For how long can rugby’s injury crisis be allowed to continue?

Is a 13-a-side game or less substitutions in matches the solution to multiple bad injuries?

Leinster’s Garry Ringrose is among those to have picked up a lengthy injury this season. Photo: Ramsey Cardy/Sportsfile via Getty Images

Leinster’s Garry Ringrose is among those to have picked up a lengthy injury this season. Photo: Ramsey Cardy/Sportsfile via Getty Images

 

Professional rugby is reaching breaking point. And break is the word with each weekend bringing more injury problems. Wasps lost three more players in victory over La Rochelle last weekend: Elliot Daly, Nathan Hughes and Jimmy Gopperth will be out of action for weeks or months, not days.

To watch Leicester’s Champions Cup match against Munster on Sunday was more evidence of why the casualty rate owes more to war than sport. It was unrelenting in its ferocity, players thundering into each other from the start with space so elusive it had to be forced. It had the intensity of an international and the Irish province had even more Test players than the Tigers.

It was the same earlier in the day when Clermont Auvergne faced Saracens, whose lock George Kruis reflected on another brutal encounter. “They have some big boys and they kept on coming,” he said. If it makes for entertainment, and you can only admire the commitment shown by players who defy strains, aches and pain to keep piling into the fray, rugby union has moved some way from the game it once was.

It was not just in the days of black and white television that the game was essentially two-toned: forwards against forwards, largely in the set pieces with breakdowns around one quarter of today’s number, and backs against backs. All the forwards contested rucks, many using them as a rest period, and there was no fanning out in a line behind.

Law changes and tweaks have been made in recent years with the aim of encouraging space on a cluttered pitch that has not changed its dimensions over the years. Each one tends to be counteracted by defence coaches, who have the time to work out ways of sabotaging each initiative so it almost has the opposite effect of what was intended.

The change of emphasis at the breakdown, where it has become harder to win legitimate turnovers after a tackle, has led to teams not bothering to contest unless a ball-carrier is isolated but organise defenders in a line to see off the next phase of the attack. As ball-in-play time has increased, so has the number of tackles and it is in the collision area where the majority of injuries occur.

One solution is a return to rucking as it used to be, although that is highly unlikely on safety grounds. Players being rucked off the ball when it is on the floor would force an attacking team to commit greater numbers to the breakdown and so reduce the trail in the defensive line, but trampling, even in a forward rather than an up-and-down motion, would lead to an outcry.

It is an issue that is concerning World Rugby which next March will consider proposals, including one to reduce the number of substitutions to prevent teams from making mass replacements in the final 20 minutes, the point at which players used to tire.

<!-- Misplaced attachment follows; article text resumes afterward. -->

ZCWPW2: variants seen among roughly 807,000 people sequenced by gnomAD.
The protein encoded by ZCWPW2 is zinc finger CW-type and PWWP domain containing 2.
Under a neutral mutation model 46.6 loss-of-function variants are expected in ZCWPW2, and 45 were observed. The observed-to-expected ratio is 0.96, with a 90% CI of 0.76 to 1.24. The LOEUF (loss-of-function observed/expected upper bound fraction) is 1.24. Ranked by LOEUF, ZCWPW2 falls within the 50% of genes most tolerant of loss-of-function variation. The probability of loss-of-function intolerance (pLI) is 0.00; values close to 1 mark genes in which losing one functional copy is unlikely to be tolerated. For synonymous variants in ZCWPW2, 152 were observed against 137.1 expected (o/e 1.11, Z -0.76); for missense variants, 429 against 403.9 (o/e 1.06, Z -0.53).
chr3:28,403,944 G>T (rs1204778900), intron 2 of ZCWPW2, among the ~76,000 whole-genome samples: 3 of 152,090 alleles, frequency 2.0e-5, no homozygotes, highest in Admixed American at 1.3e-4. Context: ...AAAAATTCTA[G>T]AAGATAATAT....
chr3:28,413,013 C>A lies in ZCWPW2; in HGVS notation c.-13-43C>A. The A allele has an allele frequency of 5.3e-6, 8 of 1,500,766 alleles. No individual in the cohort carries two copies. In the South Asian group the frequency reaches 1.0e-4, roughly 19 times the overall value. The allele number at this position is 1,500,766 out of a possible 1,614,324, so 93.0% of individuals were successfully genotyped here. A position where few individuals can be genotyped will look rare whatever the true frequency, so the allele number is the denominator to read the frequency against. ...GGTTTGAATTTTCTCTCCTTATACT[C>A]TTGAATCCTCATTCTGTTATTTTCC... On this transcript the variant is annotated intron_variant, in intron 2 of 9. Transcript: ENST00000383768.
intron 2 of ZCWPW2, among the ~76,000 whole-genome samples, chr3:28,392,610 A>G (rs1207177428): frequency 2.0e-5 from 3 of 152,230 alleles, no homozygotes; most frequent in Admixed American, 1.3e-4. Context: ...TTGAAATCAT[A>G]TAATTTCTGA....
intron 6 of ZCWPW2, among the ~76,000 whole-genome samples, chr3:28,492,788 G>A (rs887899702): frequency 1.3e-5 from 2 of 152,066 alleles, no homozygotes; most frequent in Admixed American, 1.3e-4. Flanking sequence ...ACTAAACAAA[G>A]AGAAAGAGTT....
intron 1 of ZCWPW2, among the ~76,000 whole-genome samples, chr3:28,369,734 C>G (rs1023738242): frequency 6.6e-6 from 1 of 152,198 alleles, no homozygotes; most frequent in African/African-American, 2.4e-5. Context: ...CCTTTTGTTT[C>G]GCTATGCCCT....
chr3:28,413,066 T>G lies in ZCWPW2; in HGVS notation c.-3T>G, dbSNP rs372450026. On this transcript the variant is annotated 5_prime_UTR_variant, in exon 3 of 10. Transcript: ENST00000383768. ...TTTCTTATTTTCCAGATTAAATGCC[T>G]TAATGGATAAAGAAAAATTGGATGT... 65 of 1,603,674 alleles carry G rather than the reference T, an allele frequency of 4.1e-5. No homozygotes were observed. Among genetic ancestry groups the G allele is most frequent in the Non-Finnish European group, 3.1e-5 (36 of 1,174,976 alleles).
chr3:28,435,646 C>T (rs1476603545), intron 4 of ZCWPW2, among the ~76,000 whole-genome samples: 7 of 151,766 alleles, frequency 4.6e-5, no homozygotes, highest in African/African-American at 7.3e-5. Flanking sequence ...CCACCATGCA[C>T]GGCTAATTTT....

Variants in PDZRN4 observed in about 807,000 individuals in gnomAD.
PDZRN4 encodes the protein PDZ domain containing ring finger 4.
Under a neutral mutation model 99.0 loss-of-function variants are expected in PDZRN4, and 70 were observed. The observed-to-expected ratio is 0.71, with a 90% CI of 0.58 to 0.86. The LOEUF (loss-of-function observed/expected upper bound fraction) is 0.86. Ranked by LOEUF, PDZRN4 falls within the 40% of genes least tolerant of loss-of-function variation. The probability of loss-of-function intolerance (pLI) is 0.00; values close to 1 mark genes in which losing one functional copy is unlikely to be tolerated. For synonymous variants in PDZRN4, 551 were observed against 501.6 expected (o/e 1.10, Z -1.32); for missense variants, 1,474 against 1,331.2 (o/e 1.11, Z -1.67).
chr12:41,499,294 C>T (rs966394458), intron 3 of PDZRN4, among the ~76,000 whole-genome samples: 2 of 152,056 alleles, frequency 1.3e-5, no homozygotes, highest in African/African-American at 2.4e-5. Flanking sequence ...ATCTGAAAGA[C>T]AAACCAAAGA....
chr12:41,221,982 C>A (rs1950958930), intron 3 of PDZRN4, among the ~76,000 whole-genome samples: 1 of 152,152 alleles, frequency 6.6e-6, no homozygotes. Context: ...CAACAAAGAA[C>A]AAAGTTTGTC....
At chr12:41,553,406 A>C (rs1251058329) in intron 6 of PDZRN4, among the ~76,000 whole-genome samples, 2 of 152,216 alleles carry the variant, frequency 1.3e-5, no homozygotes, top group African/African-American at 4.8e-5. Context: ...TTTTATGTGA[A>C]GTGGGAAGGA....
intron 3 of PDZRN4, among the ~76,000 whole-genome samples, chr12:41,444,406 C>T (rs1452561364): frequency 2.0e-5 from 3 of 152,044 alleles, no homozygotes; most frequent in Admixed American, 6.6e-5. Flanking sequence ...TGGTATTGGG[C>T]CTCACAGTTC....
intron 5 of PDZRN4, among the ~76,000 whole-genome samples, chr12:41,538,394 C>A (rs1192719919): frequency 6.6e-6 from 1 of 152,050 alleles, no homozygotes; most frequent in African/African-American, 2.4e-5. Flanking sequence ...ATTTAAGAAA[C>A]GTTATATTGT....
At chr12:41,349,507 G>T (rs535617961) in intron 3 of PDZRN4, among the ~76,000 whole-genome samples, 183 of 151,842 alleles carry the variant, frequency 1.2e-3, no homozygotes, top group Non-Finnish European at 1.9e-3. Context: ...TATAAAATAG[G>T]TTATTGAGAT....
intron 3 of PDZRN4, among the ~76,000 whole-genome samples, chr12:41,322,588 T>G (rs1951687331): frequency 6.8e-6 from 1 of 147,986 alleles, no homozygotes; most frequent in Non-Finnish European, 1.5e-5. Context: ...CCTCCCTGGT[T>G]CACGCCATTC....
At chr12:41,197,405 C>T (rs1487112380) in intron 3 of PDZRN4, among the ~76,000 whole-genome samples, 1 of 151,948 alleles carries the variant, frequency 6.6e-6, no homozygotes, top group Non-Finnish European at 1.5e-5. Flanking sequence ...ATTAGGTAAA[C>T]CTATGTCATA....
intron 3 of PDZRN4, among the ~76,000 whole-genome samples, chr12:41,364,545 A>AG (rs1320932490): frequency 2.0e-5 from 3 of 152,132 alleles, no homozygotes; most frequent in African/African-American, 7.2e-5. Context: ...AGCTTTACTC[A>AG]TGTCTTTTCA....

“Rugby used to be a game for all shapes and sizes and we are moving away from that,” said the Welsh Rugby Union chairman, Gareth Davies, the former Wales and Lions’ fly-half who is on World Rugby’s council. “As a fly-half, part of my job was to outfox a wing forward who spent the game chasing you but now after 50-odd minutes a whole new team come on.

“I am not sure what law changes can achieve. There is an experimental one being conducted now in the tackle but the only way I can see it is guys having to play for the full 80 minutes. That would force them to shed a few stone: players are physical specimens now and if it carries on they will get even bigger and stronger.

“It will certainly not get any better. When I played, no one tore biceps of hamstrings off the bone. No one had stinger injuries and what is happening is a player’s muscular set-up is not natural while your ligaments and bone structure remain the same. It is the load that causes the problems.

“Players are bigger than their bodies are designed for them to be and a lot of the injuries are because of that, not just because of the physical demands of the game. If players have to run for 80 minutes, they will have to become lighter and get closer to their natural body weight and there is a chance of opening up the game. It is worth looking at because many are now conditioned to play for only 50 minutes.”

Another option is to reduce the number of players on the field. Going down to 13-a side would mean union resembling league in more ways than one and would be considered heretical but the vast majority of clubs constantly have injury lists in double figures. Sam Warburton, Billy Vunipola, Taulupe Faletau, Ben Te’o, Garry Ringrose, Willem Nel, Wesley Fofana, Ross Moriarty and Nathan Hughes have been among the long-term casualties this year while the Worcester fly-half Tom Heathcote is out until April with concussion. Something needs to be done to protect players from themselves.

“Going to 13 would fundamentally change the game,” Davies said. “There is no easy answer. If you tried to force teams to commit more players to the breakdown through a law change to create more space behind, how would you police it? A game would last for hours. Whatever you do, coaches will find a way around it.” – Guardian service

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